US B-Schools Increase Scholarships to attract Indian Students
Indians enrolling for abroad program has become a common thing now-a-days. US universities are leaving no stones unturned to attract the students from overseas. As this is the peak time for admissions, US universities are also coming up with a lot of Scholarships and fellowships schemes these days to attract Indian students.
B-Schools in the USA are trying to attract the best students and they are finding most of them in India. Candidates themselves are leveraging their networks and putting together application packages that stand out. The growing craze among Indian students is resulting in high competition.
Some India based consultant reports, almost 35-40 per cent rise in Scholarships offered as the B-Schools are keen on admitting candidates who will maintain their academic credentials.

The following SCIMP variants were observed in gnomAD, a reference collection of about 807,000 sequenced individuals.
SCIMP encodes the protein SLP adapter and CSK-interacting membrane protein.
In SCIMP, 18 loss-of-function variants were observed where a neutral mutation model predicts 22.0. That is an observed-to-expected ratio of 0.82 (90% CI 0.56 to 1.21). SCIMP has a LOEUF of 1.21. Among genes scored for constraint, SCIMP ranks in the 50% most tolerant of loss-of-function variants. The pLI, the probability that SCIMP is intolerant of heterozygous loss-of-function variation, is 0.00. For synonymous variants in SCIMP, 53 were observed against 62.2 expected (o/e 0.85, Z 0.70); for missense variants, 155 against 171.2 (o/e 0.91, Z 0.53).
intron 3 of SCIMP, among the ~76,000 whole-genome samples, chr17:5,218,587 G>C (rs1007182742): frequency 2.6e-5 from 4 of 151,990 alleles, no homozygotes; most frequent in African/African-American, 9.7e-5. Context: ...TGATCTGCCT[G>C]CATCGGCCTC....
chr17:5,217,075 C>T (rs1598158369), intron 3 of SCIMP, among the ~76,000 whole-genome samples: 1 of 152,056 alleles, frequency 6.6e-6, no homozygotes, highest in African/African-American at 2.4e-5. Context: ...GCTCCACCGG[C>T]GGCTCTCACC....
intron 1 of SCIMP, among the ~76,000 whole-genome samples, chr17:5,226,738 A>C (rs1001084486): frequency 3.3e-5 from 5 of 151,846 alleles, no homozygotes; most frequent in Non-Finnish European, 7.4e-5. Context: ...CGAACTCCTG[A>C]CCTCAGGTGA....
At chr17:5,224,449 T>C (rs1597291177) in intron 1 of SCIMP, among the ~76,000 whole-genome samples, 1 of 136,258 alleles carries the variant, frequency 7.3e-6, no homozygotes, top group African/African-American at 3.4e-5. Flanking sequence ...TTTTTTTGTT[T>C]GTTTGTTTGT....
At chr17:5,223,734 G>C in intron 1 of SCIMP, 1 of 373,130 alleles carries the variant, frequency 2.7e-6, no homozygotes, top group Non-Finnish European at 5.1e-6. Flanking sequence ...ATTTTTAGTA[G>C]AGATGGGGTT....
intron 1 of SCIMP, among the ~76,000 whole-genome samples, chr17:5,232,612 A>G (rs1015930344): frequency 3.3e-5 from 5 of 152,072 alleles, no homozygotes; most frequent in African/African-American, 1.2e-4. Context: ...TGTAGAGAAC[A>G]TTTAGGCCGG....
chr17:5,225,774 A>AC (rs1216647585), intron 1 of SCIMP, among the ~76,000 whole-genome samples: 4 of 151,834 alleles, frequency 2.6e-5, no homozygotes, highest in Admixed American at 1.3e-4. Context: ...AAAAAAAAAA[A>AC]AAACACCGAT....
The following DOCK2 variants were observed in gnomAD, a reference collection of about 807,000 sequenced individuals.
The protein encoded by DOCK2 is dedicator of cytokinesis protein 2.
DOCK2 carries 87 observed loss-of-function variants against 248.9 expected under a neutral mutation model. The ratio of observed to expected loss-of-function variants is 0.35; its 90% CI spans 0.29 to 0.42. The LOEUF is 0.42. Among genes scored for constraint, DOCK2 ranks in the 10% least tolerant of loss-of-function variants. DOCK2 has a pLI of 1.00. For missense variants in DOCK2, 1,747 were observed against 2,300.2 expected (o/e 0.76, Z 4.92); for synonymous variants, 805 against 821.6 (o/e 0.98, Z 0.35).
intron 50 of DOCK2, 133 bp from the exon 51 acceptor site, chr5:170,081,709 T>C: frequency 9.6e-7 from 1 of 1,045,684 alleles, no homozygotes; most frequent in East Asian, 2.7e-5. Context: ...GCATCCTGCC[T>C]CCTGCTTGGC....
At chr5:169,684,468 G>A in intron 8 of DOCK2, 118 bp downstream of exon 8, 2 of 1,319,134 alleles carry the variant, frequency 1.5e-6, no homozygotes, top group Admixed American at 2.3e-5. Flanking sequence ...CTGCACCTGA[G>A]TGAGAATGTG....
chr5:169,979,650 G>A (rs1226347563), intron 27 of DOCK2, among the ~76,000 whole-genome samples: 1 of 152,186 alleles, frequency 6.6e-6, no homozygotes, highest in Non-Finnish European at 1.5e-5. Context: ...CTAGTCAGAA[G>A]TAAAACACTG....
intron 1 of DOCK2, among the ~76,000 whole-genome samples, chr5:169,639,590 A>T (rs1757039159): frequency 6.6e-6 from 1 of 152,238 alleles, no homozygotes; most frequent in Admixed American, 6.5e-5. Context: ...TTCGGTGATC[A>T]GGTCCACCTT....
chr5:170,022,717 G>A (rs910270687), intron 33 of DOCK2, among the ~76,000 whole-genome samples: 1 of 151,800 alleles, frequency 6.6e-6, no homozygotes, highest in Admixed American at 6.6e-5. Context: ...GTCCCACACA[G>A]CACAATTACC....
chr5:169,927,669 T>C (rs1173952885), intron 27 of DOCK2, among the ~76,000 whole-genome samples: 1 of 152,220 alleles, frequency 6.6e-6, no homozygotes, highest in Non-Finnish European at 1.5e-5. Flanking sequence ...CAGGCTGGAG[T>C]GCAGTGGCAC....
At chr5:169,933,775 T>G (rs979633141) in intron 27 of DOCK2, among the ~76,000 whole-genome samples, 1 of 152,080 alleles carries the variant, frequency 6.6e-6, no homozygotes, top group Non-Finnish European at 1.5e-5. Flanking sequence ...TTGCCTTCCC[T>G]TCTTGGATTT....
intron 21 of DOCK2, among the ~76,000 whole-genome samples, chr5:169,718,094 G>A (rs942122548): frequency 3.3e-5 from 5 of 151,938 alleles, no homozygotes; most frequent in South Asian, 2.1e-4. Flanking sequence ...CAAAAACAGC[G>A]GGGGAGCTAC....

The quality of Indian students has led to an increase in the number of Scholarships on offer, consultants said. That’s key to improving standards and maintaining academic rigour, said Narayanan Ramaswamy, partner, education and skill development sector, KPMG India.
The beneficiaries from India, Rashmita Redkar and Shreya Mathai were showered with Scholarships when they applied for MBA programmes this year. Redkar got four offers-$100,000 from Harvard, $120,000 from Kellogg, $60,000 from Tuck and $54,000 from Wharton. Mathai had offers of $100,000 from Harvard and $120,000 from Kellogg. Both choose Harvard Business School and Redkar was even amongst one of the six to get the Horace W Goldsmith Fellowship.
In the 2015–16 academic year, Yale University told it spent around $5 million (Rs 33 crore) of its own funds to support students from India, who numbered 179, third after China and Canada.
The University Of Virginia Darden School Of Business‘ Sara Neher, who is admissions dean, said it’s focused on providing Scholarships to more students and Indians in particular. Merit-based Scholarships awarded to Indians have risen across the board at the Massachusetts Institute of Technology, University of Virginia, Dartmouth and other schools
Several schools have also adopted a common-application model, which means students can use one form for seeking aid, making the process much less cumbersome. However, some B-Schools still require aspirants to apply individually for each scholarship.